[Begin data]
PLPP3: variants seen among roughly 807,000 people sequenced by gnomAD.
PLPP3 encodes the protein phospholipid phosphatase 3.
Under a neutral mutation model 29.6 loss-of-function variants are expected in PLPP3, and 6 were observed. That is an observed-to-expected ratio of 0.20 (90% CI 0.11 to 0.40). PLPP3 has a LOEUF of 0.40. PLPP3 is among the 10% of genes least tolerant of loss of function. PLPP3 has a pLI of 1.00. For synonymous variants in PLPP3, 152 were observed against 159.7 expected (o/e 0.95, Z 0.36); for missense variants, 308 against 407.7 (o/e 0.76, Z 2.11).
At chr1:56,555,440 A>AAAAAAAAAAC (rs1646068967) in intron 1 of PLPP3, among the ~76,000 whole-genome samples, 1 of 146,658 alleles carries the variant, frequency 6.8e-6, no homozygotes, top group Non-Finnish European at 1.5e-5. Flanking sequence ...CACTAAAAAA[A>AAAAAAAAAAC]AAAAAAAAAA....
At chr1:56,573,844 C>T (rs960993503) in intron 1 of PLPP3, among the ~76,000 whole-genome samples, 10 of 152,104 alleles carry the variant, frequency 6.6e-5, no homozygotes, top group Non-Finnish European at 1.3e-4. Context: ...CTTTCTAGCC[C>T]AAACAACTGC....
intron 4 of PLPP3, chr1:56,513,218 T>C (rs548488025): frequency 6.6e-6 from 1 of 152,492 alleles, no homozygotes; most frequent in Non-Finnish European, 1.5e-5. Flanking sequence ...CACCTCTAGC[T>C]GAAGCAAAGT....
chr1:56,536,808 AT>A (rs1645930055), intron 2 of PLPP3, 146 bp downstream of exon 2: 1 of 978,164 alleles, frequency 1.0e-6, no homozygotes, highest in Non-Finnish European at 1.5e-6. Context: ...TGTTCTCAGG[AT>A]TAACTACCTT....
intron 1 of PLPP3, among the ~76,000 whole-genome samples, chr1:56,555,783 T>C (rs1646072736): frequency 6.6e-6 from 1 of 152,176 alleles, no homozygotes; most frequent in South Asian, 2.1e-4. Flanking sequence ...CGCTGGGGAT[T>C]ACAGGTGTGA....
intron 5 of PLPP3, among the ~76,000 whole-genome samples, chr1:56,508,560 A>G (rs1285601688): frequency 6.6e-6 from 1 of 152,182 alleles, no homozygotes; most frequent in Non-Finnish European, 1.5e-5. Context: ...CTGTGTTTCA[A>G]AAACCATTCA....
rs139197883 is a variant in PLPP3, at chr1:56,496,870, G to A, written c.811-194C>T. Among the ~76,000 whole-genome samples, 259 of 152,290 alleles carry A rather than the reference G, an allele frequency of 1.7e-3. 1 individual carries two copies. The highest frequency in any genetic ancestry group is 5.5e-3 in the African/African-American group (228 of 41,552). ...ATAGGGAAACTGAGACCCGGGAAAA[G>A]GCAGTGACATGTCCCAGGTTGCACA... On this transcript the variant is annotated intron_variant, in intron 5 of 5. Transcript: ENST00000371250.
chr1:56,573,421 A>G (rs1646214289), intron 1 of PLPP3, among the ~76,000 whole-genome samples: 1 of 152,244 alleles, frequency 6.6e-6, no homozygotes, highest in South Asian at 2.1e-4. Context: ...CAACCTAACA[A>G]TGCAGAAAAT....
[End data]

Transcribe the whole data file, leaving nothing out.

PLPP3: variants seen among roughly 807,000 people sequenced by gnomAD.
PLPP3 encodes the protein phospholipid phosphatase 3.
Under a neutral mutation model 29.6 loss-of-function variants are expected in PLPP3, and 6 were observed. That is an observed-to-expected ratio of 0.20 (90% CI 0.11 to 0.40). PLPP3 has a LOEUF of 0.40. PLPP3 is among the 10% of genes least tolerant of loss of function. PLPP3 has a pLI of 1.00. For synonymous variants in PLPP3, 152 were observed against 159.7 expected (o/e 0.95, Z 0.36); for missense variants, 308 against 407.7 (o/e 0.76, Z 2.11).
At chr1:56,555,440 A>AAAAAAAAAAC (rs1646068967) in intron 1 of PLPP3, among the ~76,000 whole-genome samples, 1 of 146,658 alleles carries the variant, frequency 6.8e-6, no homozygotes, top group Non-Finnish European at 1.5e-5. Flanking sequence ...CACTAAAAAA[A>AAAAAAAAAAC]AAAAAAAAAA....
At chr1:56,573,844 C>T (rs960993503) in intron 1 of PLPP3, among the ~76,000 whole-genome samples, 10 of 152,104 alleles carry the variant, frequency 6.6e-5, no homozygotes, top group Non-Finnish European at 1.3e-4. Context: ...CTTTCTAGCC[C>T]AAACAACTGC....
intron 4 of PLPP3, chr1:56,513,218 T>C (rs548488025): frequency 6.6e-6 from 1 of 152,492 alleles, no homozygotes; most frequent in Non-Finnish European, 1.5e-5. Flanking sequence ...CACCTCTAGC[T>C]GAAGCAAAGT....
chr1:56,536,808 AT>A (rs1645930055), intron 2 of PLPP3, 146 bp downstream of exon 2: 1 of 978,164 alleles, frequency 1.0e-6, no homozygotes, highest in Non-Finnish European at 1.5e-6. Context: ...TGTTCTCAGG[AT>A]TAACTACCTT....
intron 1 of PLPP3, among the ~76,000 whole-genome samples, chr1:56,555,783 T>C (rs1646072736): frequency 6.6e-6 from 1 of 152,176 alleles, no homozygotes; most frequent in South Asian, 2.1e-4. Flanking sequence ...CGCTGGGGAT[T>C]ACAGGTGTGA....
intron 5 of PLPP3, among the ~76,000 whole-genome samples, chr1:56,508,560 A>G (rs1285601688): frequency 6.6e-6 from 1 of 152,182 alleles, no homozygotes; most frequent in Non-Finnish European, 1.5e-5. Context: ...CTGTGTTTCA[A>G]AAACCATTCA....
rs139197883 is a variant in PLPP3, at chr1:56,496,870, G to A, written c.811-194C>T. Among the ~76,000 whole-genome samples, 259 of 152,290 alleles carry A rather than the reference G, an allele frequency of 1.7e-3. 1 individual carries two copies. The highest frequency in any genetic ancestry group is 5.5e-3 in the African/African-American group (228 of 41,552). ...ATAGGGAAACTGAGACCCGGGAAAA[G>A]GCAGTGACATGTCCCAGGTTGCACA... On this transcript the variant is annotated intron_variant, in intron 5 of 5. Transcript: ENST00000371250.
chr1:56,573,421 A>G (rs1646214289), intron 1 of PLPP3, among the ~76,000 whole-genome samples: 1 of 152,244 alleles, frequency 6.6e-6, no homozygotes, highest in South Asian at 2.1e-4. Context: ...CAACCTAACA[A>G]TGCAGAAAAT....